Silicon Valley in the Philippines?
It is without doubt that Philippines has a long and serious relationship with technology. Studies have revealed over the years that Filipinos are among the most connected in the world.
In 2001, the Philippines was hailed as the text messaging capital of the world, with more than 30 million text messages transmitted daily. That’s twice as many as in all of Europe. That number of daily SMS may have declined with the rising popularity of smartphones and Internet connectivity, but Philippines still hold the title as of posting.
To add to that, the country is now called the social media capital of the world. Filipinos use social media platforms at 53 hours a week, which is far from the global average of 42 hours.
It’s undeniable that social media has become the modern method of communication especially for Filipinos who have families working overseas.
While that reflects to Filipinos as great consumers of technology, the race also has the capacity to create and innovate. There are about 130,000 graduates of information technology and engineering annually equipped with skills in programming languages and mobile app creation.
Most of them work across industries, while some – the bold, the brave, and the inspired – build their own names by putting up companies and contributing to the Philippines’ version of Silicon Valley.
Here are 3 notable Filipino-made tech entities that have earned their names in the world of technology:
Paul Rivera and Dexter Ligot-Gordon, Filipino dudes who graduated from the University of California Berkeley, put up a company that has changed the recruitment landscape in the Philippines. Called Kalibrr, it is a platform that optimizes the hiring process of companies by using the cloud in assessing applicants and matching them to the right jobs.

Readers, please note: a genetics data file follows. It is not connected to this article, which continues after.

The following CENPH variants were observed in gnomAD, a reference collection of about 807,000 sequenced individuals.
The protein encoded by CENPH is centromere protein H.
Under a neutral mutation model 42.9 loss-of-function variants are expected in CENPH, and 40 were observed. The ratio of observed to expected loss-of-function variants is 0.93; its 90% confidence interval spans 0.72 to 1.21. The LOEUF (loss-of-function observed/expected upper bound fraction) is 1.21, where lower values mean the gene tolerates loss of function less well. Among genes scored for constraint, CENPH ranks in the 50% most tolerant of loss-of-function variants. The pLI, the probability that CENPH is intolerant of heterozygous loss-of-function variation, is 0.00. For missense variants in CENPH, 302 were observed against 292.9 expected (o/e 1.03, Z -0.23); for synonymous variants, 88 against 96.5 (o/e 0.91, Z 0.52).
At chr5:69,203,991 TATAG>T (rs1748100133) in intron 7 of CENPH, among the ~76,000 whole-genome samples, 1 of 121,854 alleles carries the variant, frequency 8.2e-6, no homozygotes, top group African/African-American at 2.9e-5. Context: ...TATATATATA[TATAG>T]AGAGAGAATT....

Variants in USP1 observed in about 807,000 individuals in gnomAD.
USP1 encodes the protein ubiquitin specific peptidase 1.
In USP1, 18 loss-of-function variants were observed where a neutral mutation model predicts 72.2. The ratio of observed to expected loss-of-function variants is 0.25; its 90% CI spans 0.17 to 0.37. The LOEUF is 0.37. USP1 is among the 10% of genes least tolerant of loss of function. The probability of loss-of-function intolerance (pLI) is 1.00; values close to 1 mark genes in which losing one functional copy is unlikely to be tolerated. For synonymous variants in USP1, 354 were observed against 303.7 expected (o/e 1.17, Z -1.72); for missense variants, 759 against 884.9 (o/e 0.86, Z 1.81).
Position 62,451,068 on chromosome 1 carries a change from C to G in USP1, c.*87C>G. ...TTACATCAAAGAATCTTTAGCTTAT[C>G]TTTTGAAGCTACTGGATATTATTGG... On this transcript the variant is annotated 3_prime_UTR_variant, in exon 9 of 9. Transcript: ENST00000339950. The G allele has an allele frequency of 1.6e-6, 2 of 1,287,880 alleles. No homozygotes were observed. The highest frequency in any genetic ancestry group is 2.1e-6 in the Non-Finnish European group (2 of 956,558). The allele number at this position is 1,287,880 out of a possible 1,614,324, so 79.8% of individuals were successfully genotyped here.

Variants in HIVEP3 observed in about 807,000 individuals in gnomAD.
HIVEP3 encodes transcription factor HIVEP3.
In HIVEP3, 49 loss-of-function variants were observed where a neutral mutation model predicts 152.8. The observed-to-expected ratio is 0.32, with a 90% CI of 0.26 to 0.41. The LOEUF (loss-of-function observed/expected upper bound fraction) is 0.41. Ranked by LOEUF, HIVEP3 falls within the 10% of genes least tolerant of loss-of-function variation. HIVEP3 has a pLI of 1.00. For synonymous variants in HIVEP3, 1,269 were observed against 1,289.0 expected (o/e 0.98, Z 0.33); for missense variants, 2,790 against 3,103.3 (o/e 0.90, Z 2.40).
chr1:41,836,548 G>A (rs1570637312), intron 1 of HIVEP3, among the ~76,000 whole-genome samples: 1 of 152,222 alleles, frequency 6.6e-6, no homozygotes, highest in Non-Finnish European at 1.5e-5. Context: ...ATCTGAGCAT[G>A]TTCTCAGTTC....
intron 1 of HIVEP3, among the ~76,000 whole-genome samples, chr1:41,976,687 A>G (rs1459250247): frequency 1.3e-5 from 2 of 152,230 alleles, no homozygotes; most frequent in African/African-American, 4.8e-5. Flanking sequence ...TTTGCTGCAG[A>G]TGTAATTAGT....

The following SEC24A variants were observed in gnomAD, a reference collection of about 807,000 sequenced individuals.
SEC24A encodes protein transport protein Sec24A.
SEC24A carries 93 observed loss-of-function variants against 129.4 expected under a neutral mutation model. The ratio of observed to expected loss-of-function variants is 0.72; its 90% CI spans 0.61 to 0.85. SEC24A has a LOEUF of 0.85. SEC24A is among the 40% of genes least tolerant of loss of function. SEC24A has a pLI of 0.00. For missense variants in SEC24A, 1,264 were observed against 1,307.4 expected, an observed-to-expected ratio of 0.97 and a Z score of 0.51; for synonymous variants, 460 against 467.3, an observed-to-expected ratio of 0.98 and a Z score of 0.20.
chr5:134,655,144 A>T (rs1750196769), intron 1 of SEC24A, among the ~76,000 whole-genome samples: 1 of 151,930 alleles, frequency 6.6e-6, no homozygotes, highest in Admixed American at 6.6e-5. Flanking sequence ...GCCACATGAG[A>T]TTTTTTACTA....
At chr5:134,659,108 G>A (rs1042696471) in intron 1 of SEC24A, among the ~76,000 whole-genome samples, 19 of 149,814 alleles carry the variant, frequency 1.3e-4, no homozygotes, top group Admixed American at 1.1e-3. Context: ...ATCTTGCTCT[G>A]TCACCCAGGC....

There, companies can have job postings for free and even search for candidates. They are only billed for as low as $1.12 or PHP50 per candidate once they accept the application. Different government agencies and big corporations in the country now use the app to connect with jobseekers.
RedFox Technologies, a division of Asian Technologies Computer Corporation, has produced many technologies both in computer and mobile. Now run by its managing director and CEO Andy Te, the award-winning company manufactures high-quality desktop computers, laptops, tablets, smartphones, AV systems, and e-readers.
Other than the Philippines, RedFox is a relatively famous tech brand in Singapore, Vietnam, and Taiwan. That is no wonder as it got the Best Innovative Computer Brand in Q Asia in 2016 and is a consistent Super Brands Awardee from 2010 to 2015.
Now considered as the largest consumer technology company in the Philippines, Xurpas started as a content provider to telecommunications operators. It widened its scope over the years and now provides products and services ranging from mobile casual games, messaging, web & mobile application development, enterprise solutions and systems architecture to HR services technology platforms.
As of posting, Xurpas is the largest listed consumer technology company in Southeast Asia with a market capitalization of over PhP30 billion. This was after they went public in the Philippine Stock Exchange in 2014 which expanded their reach in the region. Now it has started its regional expansion in Singapore and Indonesia.
In 2015, its cofounder Nix Nolledo won PH Entrepreneur of the Year. He is the first from the consumer technology industry to get the award, which signals the growth of his industry in the country.
Tech entities like these three will soon form the ambitious Philippine version of the Silicon Valley. That’s not really impossible now that a Digital Evolution Index (DEI) study by US-based Fletcher School at Tufts University revealed that the Philippines has been regarded as one of the “rapidly advancing countries” in the global digital topography.